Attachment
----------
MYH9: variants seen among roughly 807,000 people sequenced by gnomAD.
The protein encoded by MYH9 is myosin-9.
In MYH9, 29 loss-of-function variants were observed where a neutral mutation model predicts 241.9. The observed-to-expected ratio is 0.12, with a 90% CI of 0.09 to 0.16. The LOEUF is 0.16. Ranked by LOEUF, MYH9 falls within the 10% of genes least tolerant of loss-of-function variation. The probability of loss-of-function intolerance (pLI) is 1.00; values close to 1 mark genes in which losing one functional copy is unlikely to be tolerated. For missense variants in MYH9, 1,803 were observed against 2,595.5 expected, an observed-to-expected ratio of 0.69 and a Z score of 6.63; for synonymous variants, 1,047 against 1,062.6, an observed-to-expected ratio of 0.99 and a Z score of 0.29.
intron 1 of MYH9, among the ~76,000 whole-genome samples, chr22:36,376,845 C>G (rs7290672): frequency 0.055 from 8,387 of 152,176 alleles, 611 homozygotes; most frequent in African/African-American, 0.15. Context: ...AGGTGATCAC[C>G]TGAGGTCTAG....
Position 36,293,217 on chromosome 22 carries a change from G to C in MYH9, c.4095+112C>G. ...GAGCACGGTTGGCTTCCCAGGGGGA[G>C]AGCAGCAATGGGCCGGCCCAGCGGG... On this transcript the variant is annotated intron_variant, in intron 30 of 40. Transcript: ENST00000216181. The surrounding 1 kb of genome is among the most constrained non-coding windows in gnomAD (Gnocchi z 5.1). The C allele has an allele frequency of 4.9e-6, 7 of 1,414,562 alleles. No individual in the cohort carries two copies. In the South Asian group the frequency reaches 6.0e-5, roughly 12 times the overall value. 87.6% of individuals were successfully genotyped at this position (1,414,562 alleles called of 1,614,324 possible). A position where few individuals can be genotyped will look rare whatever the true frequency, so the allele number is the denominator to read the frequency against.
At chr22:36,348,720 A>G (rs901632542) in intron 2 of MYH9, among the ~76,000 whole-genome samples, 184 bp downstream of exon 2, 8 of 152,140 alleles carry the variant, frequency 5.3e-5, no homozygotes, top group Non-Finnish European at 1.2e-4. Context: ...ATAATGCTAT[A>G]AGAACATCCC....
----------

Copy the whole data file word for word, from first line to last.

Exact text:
MYH9: variants seen among roughly 807,000 people sequenced by gnomAD.
The protein encoded by MYH9 is myosin-9.
In MYH9, 29 loss-of-function variants were observed where a neutral mutation model predicts 241.9. The observed-to-expected ratio is 0.12, with a 90% CI of 0.09 to 0.16. The LOEUF is 0.16. Ranked by LOEUF, MYH9 falls within the 10% of genes least tolerant of loss-of-function variation. The probability of loss-of-function intolerance (pLI) is 1.00; values close to 1 mark genes in which losing one functional copy is unlikely to be tolerated. For missense variants in MYH9, 1,803 were observed against 2,595.5 expected, an observed-to-expected ratio of 0.69 and a Z score of 6.63; for synonymous variants, 1,047 against 1,062.6, an observed-to-expected ratio of 0.99 and a Z score of 0.29.
intron 1 of MYH9, among the ~76,000 whole-genome samples, chr22:36,376,845 C>G (rs7290672): frequency 0.055 from 8,387 of 152,176 alleles, 611 homozygotes; most frequent in African/African-American, 0.15. Context: ...AGGTGATCAC[C>G]TGAGGTCTAG....
Position 36,293,217 on chromosome 22 carries a change from G to C in MYH9, c.4095+112C>G. ...GAGCACGGTTGGCTTCCCAGGGGGA[G>C]AGCAGCAATGGGCCGGCCCAGCGGG... On this transcript the variant is annotated intron_variant, in intron 30 of 40. Transcript: ENST00000216181. The surrounding 1 kb of genome is among the most constrained non-coding windows in gnomAD (Gnocchi z 5.1). The C allele has an allele frequency of 4.9e-6, 7 of 1,414,562 alleles. No individual in the cohort carries two copies. In the South Asian group the frequency reaches 6.0e-5, roughly 12 times the overall value. 87.6% of individuals were successfully genotyped at this position (1,414,562 alleles called of 1,614,324 possible). A position where few individuals can be genotyped will look rare whatever the true frequency, so the allele number is the denominator to read the frequency against.
At chr22:36,348,720 A>G (rs901632542) in intron 2 of MYH9, among the ~76,000 whole-genome samples, 184 bp downstream of exon 2, 8 of 152,140 alleles carry the variant, frequency 5.3e-5, no homozygotes, top group Non-Finnish European at 1.2e-4. Context: ...ATAATGCTAT[A>G]AGAACATCCC....